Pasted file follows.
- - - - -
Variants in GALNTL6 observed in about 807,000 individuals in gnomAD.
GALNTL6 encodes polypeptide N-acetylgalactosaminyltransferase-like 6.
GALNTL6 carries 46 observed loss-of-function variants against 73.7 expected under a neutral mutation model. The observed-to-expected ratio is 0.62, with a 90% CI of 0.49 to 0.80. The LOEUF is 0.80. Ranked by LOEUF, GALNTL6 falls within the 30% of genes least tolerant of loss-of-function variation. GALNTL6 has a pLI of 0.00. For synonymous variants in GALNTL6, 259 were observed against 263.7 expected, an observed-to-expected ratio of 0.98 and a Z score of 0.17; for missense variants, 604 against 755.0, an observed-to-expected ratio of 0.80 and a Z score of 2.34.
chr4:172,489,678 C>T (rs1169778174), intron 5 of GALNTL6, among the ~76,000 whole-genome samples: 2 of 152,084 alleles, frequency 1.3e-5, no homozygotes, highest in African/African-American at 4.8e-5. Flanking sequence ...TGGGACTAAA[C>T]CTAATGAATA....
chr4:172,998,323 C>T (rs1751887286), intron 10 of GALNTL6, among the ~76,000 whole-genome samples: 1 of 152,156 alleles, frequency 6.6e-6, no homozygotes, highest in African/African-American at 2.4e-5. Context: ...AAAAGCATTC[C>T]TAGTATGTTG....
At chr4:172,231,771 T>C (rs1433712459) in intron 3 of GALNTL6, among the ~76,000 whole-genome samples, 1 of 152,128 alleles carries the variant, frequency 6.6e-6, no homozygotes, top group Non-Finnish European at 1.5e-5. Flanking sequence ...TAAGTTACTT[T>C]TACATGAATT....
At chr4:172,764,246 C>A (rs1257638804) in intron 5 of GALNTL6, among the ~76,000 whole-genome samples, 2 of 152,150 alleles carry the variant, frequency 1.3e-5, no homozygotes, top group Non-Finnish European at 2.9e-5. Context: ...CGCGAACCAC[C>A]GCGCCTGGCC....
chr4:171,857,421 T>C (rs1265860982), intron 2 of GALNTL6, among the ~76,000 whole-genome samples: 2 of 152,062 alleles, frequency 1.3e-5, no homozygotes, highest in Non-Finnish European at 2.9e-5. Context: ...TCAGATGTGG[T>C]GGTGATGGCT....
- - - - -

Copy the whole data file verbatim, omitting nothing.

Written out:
Variants in GALNTL6 observed in about 807,000 individuals in gnomAD.
GALNTL6 encodes polypeptide N-acetylgalactosaminyltransferase-like 6.
GALNTL6 carries 46 observed loss-of-function variants against 73.7 expected under a neutral mutation model. The observed-to-expected ratio is 0.62, with a 90% CI of 0.49 to 0.80. The LOEUF is 0.80. Ranked by LOEUF, GALNTL6 falls within the 30% of genes least tolerant of loss-of-function variation. GALNTL6 has a pLI of 0.00. For synonymous variants in GALNTL6, 259 were observed against 263.7 expected, an observed-to-expected ratio of 0.98 and a Z score of 0.17; for missense variants, 604 against 755.0, an observed-to-expected ratio of 0.80 and a Z score of 2.34.
chr4:172,489,678 C>T (rs1169778174), intron 5 of GALNTL6, among the ~76,000 whole-genome samples: 2 of 152,084 alleles, frequency 1.3e-5, no homozygotes, highest in African/African-American at 4.8e-5. Flanking sequence ...TGGGACTAAA[C>T]CTAATGAATA....
chr4:172,998,323 C>T (rs1751887286), intron 10 of GALNTL6, among the ~76,000 whole-genome samples: 1 of 152,156 alleles, frequency 6.6e-6, no homozygotes, highest in African/African-American at 2.4e-5. Context: ...AAAAGCATTC[C>T]TAGTATGTTG....
At chr4:172,231,771 T>C (rs1433712459) in intron 3 of GALNTL6, among the ~76,000 whole-genome samples, 1 of 152,128 alleles carries the variant, frequency 6.6e-6, no homozygotes, top group Non-Finnish European at 1.5e-5. Flanking sequence ...TAAGTTACTT[T>C]TACATGAATT....
At chr4:172,764,246 C>A (rs1257638804) in intron 5 of GALNTL6, among the ~76,000 whole-genome samples, 2 of 152,150 alleles carry the variant, frequency 1.3e-5, no homozygotes, top group Non-Finnish European at 2.9e-5. Context: ...CGCGAACCAC[C>A]GCGCCTGGCC....
chr4:171,857,421 T>C (rs1265860982), intron 2 of GALNTL6, among the ~76,000 whole-genome samples: 2 of 152,062 alleles, frequency 1.3e-5, no homozygotes, highest in Non-Finnish European at 2.9e-5. Context: ...TCAGATGTGG[T>C]GGTGATGGCT....